This is observable and measurable, from who leads and owns the companies that are building, investing in, and operating solar projects; to who has access to solar savings; to where solar projects are being built.
For solar, some of these challenges are inherent because the market is structured based on incentives that can be accessed only by wealthy people and companies with sufficient income and financial capital to be able to use tax credits. Systems produce outcomes according to the values on which they’re founded, and national incentives for solar and other renewables value reducing taxes for the wealthy. Vastly more wealth is held by white people and vastly more companies, including solar companies, are led by white people and specifically white men. Therefore, a consequence of the solar market incentives structure is to make the same people and companies that are already wealthy even wealthier. Comparatively, while women, African-Americans, and other people of color may be able to get jobs, ownership is constrained to those who already have capital.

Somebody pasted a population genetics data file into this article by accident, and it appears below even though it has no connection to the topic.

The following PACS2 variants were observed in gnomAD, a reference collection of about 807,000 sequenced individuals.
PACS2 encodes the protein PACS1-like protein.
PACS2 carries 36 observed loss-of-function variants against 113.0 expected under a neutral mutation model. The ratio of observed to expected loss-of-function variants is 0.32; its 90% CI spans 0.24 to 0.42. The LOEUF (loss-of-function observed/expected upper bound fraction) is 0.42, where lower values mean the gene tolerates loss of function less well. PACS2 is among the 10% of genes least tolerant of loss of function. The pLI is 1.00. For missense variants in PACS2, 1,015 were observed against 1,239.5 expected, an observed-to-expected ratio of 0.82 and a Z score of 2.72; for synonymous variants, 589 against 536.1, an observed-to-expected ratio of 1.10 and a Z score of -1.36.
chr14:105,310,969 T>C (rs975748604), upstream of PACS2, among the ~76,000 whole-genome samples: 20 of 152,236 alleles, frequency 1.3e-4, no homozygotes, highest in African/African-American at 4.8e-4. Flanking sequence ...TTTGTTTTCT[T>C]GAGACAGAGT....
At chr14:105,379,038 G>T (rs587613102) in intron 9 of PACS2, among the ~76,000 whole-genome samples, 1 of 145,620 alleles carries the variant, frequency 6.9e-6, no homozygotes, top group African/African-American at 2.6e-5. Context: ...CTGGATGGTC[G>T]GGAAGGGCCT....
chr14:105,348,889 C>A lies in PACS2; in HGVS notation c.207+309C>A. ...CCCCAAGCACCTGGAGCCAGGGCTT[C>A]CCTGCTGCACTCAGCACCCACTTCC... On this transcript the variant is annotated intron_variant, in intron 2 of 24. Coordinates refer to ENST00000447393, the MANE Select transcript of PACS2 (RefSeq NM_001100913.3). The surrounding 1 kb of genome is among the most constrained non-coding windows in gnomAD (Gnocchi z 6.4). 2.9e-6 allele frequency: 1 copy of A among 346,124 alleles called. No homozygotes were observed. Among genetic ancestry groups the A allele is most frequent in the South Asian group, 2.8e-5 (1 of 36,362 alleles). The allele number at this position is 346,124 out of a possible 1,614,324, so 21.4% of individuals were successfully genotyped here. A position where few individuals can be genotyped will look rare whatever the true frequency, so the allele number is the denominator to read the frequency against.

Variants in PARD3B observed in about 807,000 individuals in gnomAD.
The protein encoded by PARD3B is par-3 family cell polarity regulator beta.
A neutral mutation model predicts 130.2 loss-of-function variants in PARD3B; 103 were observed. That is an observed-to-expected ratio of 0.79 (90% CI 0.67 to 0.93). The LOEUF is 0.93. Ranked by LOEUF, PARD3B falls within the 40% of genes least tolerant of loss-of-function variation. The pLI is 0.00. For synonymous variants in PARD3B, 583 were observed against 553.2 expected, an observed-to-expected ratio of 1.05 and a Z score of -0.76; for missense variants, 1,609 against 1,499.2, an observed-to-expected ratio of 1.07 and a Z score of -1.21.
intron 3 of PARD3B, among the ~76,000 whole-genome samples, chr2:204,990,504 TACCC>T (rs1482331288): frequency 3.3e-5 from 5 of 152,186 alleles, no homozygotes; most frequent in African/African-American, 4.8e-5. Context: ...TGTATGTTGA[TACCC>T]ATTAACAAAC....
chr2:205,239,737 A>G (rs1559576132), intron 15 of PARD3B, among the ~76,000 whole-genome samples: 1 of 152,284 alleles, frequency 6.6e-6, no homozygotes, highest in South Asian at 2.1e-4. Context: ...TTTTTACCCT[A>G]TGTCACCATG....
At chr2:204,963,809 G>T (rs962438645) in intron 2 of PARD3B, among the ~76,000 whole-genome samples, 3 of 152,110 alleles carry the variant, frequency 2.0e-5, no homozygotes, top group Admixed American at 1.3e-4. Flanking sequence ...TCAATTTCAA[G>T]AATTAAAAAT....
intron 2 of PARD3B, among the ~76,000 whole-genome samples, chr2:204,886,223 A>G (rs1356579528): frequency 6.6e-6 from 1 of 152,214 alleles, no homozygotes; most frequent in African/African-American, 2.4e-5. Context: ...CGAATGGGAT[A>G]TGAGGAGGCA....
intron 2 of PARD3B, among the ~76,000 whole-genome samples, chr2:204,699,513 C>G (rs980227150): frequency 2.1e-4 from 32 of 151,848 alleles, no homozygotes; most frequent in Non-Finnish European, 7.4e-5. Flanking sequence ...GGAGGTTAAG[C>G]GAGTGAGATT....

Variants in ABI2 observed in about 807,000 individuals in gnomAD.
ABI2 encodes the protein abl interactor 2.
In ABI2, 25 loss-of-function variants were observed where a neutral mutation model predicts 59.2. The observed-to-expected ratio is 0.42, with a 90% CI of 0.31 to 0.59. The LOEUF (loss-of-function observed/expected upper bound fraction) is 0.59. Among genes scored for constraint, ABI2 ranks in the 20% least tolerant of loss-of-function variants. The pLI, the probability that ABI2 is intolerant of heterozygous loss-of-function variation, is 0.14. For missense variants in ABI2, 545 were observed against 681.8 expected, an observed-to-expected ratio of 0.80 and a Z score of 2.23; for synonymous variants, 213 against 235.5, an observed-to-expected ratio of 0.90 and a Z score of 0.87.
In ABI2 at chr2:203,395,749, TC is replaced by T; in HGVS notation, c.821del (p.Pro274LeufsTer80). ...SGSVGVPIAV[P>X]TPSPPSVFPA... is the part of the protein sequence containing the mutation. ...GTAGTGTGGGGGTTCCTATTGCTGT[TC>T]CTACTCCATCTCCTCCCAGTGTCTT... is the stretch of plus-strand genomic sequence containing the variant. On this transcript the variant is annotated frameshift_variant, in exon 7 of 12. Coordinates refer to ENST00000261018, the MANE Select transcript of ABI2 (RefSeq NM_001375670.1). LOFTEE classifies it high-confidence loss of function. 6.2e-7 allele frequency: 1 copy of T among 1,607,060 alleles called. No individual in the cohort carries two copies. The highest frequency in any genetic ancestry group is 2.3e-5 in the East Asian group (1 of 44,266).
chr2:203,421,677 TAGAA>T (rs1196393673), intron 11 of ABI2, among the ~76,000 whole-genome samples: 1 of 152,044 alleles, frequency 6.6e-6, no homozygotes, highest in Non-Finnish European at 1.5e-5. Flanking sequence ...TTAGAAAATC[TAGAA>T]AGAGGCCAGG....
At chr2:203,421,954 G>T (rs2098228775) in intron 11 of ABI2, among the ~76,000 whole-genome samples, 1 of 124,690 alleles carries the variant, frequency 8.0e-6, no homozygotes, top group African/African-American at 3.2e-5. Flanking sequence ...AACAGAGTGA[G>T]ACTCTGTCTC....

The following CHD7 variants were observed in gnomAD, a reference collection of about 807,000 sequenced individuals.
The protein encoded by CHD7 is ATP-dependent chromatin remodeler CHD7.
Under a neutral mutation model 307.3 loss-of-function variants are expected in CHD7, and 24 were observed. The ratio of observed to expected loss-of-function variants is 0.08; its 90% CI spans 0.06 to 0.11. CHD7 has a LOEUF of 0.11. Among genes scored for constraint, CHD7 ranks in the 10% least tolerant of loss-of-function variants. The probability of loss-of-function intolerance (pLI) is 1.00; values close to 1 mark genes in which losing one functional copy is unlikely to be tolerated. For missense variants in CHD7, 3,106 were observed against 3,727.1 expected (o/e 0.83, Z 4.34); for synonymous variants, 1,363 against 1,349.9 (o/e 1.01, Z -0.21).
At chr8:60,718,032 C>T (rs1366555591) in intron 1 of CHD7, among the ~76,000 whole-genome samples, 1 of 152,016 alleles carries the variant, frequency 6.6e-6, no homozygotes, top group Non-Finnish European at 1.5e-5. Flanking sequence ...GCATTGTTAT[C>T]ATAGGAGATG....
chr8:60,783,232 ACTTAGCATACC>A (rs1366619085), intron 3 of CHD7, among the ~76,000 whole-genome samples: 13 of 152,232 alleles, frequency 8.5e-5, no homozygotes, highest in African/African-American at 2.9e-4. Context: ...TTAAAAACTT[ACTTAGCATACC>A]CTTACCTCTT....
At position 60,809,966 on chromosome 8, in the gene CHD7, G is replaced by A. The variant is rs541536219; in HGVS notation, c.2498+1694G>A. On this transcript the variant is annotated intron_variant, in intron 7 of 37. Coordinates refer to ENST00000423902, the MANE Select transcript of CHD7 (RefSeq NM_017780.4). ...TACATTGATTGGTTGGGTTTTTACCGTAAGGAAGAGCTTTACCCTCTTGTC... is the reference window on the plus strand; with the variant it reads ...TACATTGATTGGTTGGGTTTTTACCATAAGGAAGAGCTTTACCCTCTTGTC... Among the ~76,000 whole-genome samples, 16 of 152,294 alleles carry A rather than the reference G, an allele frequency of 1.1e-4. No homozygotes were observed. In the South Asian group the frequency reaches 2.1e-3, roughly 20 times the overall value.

Confronting these challenges is made more complex by the federalist structure of the U.S. energy market. This disparity is a result of rules being set state-by-state and vary depending on the type of ownership and utility structure (investor-owned, electric membership cooperative, or municipal) serving a given community, and there is no one-size-fits-all solution.
Solutions, therefore, must be localized. It is necessary to develop scalable models built to deliver equity by leveraging the full scope of clean energy value chains. We all have a role to play, and Groundswell’s R&D agenda is meant to help light the way.